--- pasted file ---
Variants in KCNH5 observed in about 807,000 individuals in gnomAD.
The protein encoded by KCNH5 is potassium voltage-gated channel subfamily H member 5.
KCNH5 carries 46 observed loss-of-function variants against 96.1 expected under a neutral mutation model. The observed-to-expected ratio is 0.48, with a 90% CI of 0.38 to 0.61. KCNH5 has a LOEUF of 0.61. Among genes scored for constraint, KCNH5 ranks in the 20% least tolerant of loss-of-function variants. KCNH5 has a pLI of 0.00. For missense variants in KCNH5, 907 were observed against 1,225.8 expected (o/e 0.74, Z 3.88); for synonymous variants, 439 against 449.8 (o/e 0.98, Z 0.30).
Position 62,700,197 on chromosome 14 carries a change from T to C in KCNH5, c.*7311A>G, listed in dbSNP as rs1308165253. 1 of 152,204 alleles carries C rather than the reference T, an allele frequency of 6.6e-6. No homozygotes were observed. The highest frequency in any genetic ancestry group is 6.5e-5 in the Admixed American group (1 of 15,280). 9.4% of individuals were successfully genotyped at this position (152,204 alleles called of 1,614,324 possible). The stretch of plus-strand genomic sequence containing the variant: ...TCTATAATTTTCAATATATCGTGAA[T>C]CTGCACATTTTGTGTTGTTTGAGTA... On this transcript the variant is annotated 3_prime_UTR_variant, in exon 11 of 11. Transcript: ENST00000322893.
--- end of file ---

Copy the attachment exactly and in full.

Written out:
Variants in KCNH5 observed in about 807,000 individuals in gnomAD.
The protein encoded by KCNH5 is potassium voltage-gated channel subfamily H member 5.
KCNH5 carries 46 observed loss-of-function variants against 96.1 expected under a neutral mutation model. The observed-to-expected ratio is 0.48, with a 90% CI of 0.38 to 0.61. KCNH5 has a LOEUF of 0.61. Among genes scored for constraint, KCNH5 ranks in the 20% least tolerant of loss-of-function variants. KCNH5 has a pLI of 0.00. For missense variants in KCNH5, 907 were observed against 1,225.8 expected (o/e 0.74, Z 3.88); for synonymous variants, 439 against 449.8 (o/e 0.98, Z 0.30).
Position 62,700,197 on chromosome 14 carries a change from T to C in KCNH5, c.*7311A>G, listed in dbSNP as rs1308165253. 1 of 152,204 alleles carries C rather than the reference T, an allele frequency of 6.6e-6. No homozygotes were observed. The highest frequency in any genetic ancestry group is 6.5e-5 in the Admixed American group (1 of 15,280). 9.4% of individuals were successfully genotyped at this position (152,204 alleles called of 1,614,324 possible). The stretch of plus-strand genomic sequence containing the variant: ...TCTATAATTTTCAATATATCGTGAA[T>C]CTGCACATTTTGTGTTGTTTGAGTA... On this transcript the variant is annotated 3_prime_UTR_variant, in exon 11 of 11. Transcript: ENST00000322893.